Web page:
Updated | Police won’t investigate BirdLife criminal complaint on spring hunting licences

Police say legal notice on hunting season signed by environment ministry makes hunting licences valid

Police have terminated their criminal investigation into the legality of Spring hunting licences
Police have terminated their criminal investigation into the legality of Spring hunting licences

Updated at 5:15 pm with BirdLife reaction

The Police have said they will not be taking further steps after analysing a criminal complaint filed by BirdLife over the alleged illegality of spring hunting licences.

The announcement comes after the hunting federation, FKNK, asked for a meeting with the police to rebut the criminal complaint filed yesterday by BirdLife Malta, in which it claims that the spring hunting licences issued this year were illegal.

The FKNK is insisting the special Spring hunting licences, issued on the basis of a legal notice, were all in order and BirdLife’s complaint was “baseless”.

Central to the issue is the legality of the legal notice that makes spring hunting possible, which had been issued jointly by the Environment Minister and the Gozo Minister. The law states that only the Environment Minister is empowered to issue such regulations.

The dual-ministry issuing of the legal notice had come as a result of an anomalous situation arising from a Cabinet reshuffle earlier this year, because while the law empowers the environment minister to sign off on a derogation for spring hunting, the hunting enforcement unit was placed under the remit of the Gozo ministry.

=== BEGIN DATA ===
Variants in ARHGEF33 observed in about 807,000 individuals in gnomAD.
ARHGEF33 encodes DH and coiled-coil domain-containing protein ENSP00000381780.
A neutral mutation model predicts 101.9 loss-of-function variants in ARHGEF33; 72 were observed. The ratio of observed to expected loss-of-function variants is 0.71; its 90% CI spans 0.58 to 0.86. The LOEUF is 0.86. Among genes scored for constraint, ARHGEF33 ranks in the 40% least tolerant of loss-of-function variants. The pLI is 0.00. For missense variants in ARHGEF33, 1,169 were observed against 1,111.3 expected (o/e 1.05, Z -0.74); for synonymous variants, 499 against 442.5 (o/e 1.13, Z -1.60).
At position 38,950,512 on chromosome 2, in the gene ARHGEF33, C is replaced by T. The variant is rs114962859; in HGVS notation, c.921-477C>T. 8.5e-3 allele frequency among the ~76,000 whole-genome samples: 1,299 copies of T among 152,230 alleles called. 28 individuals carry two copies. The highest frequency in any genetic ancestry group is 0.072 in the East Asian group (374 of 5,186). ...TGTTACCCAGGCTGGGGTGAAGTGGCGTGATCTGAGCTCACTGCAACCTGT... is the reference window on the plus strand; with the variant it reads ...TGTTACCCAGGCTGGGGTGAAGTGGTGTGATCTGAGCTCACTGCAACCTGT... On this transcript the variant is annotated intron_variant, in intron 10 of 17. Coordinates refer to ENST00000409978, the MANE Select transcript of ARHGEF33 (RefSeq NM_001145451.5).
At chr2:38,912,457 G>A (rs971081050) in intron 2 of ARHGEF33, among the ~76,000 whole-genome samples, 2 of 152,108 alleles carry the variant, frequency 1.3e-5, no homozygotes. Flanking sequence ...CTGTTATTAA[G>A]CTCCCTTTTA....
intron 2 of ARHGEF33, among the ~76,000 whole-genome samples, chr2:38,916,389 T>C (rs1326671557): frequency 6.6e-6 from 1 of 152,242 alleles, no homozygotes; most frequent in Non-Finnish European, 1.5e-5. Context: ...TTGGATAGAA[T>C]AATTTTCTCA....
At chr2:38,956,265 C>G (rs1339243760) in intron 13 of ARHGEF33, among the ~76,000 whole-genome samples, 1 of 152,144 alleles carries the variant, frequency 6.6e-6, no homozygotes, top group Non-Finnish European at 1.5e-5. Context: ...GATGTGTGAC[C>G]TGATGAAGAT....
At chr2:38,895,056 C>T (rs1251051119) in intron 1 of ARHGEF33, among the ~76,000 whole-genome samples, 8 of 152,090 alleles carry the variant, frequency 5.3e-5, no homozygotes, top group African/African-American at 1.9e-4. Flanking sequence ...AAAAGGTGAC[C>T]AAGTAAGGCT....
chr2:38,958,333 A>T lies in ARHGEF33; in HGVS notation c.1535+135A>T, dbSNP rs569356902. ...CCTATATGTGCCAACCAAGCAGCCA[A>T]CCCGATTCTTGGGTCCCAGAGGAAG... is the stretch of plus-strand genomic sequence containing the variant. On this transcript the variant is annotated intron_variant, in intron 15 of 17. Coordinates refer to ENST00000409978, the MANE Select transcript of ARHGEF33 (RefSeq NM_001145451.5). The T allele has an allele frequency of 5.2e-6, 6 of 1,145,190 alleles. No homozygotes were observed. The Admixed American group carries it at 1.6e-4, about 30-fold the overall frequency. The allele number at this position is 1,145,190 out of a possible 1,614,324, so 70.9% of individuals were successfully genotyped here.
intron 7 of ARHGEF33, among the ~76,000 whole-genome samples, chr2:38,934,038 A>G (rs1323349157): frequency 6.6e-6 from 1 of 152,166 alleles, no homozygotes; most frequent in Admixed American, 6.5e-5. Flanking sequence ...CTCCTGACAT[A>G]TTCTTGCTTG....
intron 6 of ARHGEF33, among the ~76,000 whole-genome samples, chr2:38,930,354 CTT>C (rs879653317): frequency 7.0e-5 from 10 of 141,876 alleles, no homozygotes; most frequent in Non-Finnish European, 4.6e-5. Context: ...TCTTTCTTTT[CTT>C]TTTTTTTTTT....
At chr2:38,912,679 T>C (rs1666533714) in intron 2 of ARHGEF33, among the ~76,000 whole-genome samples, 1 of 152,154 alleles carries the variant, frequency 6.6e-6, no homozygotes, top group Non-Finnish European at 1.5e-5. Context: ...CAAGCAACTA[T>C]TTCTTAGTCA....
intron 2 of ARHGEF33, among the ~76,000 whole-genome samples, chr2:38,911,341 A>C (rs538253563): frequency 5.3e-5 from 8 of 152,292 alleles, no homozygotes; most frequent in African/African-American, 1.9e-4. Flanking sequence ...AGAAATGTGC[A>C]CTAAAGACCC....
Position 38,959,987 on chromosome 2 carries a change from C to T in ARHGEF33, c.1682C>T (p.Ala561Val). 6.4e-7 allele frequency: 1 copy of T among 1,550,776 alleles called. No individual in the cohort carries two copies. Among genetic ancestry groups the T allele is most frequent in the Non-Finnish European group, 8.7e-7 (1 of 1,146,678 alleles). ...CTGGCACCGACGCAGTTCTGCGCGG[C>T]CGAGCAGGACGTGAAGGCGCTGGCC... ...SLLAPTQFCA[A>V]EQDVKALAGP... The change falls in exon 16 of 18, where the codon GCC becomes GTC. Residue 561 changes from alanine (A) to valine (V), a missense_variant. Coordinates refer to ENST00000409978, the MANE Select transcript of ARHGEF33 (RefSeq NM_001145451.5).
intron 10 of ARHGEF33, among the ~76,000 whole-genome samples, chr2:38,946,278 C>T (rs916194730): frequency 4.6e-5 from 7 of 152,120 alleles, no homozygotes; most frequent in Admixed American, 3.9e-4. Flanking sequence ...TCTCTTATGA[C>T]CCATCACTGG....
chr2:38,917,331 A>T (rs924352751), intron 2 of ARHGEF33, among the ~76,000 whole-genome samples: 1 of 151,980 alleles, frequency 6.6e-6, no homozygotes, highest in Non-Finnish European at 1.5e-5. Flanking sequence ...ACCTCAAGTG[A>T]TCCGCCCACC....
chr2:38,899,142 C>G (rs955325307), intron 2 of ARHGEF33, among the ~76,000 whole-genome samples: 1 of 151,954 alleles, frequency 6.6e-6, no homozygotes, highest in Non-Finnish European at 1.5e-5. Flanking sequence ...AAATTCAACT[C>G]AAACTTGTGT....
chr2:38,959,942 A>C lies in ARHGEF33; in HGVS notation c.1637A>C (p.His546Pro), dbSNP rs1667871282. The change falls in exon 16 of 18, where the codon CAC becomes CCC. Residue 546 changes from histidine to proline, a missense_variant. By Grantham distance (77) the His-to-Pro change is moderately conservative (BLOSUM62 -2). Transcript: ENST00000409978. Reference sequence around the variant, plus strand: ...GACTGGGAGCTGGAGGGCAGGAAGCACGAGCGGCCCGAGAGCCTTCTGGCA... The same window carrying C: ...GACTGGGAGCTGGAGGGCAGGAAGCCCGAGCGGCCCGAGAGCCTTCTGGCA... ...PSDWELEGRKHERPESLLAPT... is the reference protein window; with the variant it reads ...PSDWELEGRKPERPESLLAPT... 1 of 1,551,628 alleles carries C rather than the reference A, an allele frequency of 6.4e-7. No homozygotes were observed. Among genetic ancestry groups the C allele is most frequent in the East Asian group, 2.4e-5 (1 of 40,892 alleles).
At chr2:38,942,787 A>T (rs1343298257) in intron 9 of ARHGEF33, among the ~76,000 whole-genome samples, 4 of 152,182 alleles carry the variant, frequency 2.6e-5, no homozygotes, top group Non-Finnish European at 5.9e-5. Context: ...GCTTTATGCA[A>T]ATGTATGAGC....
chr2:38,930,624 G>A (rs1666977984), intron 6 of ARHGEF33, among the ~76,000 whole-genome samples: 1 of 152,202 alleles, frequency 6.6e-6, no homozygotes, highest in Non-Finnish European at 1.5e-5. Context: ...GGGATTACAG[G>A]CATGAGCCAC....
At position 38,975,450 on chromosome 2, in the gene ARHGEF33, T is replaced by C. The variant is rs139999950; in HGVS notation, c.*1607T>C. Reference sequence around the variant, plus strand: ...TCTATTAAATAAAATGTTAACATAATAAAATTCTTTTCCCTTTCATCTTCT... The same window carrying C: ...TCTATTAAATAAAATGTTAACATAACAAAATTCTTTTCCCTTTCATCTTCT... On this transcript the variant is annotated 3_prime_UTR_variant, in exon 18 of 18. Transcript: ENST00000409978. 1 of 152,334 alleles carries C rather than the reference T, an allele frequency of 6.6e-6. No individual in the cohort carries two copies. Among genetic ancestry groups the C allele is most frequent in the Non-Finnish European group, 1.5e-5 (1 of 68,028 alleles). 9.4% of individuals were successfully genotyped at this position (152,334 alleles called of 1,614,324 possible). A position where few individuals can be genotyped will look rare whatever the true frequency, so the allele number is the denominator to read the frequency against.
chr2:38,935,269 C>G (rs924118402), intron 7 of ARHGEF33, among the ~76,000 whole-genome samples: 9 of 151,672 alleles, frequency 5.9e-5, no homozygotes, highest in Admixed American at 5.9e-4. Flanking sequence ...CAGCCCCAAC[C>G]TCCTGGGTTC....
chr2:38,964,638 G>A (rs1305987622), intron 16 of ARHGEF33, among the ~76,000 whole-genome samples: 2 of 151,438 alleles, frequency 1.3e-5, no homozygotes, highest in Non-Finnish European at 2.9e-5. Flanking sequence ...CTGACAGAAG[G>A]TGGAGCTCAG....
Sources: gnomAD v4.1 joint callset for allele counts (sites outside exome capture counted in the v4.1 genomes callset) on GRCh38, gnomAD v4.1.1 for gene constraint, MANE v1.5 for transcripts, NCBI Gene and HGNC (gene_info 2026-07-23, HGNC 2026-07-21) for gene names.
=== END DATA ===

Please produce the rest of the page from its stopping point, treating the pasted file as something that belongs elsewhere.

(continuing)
In a brief statement issued this afternoon, the Police’s Community and Media Relations Unit announced that with reference to the criminal complaint filed by the conservationist organisation yesterday, which BirdLife had made public by means of a press statement, “after an in-depth analysis of the content of the aforementioned criminal complaint and after taking into account all the circumstances, [the police] have reached the conclusion that there is no reason to take any further steps in the circumstances.”

BirdLife seeking best way forward in addressing issue at law courts 

In its reaction, to the police decision, BirdLife said it will be seeking advice on the best way forward to addressing the issue at the Law Courts. 

“BirdLife Malta reiterates its position that no spinning of facts or intimidation will stop it from doing what is within its legal rights as part of civil society and that its only interest is the protection of the natural environment for the benefit of the common good,” the reaction read. 

In its statement, BirdLife also attached the letter sent by the acting police commissioner, in which he explained how it is not his responsibility to establish whether the hunting licences have been issued by the Gozo Ministry beyond its power or authority.

“He continues by saying that if he had to do so, this would be over and above his powers, since the duty of the police is to enforce laws enacted by the competent authorities,” BirdLife said. 

Whilst stopping short of saying BirdLife Malta should take this issue to Court, the Acting Police Commissioner concludes by suggesting that the state has ad hoc institutions which are legally empowered to verify the validity of laws.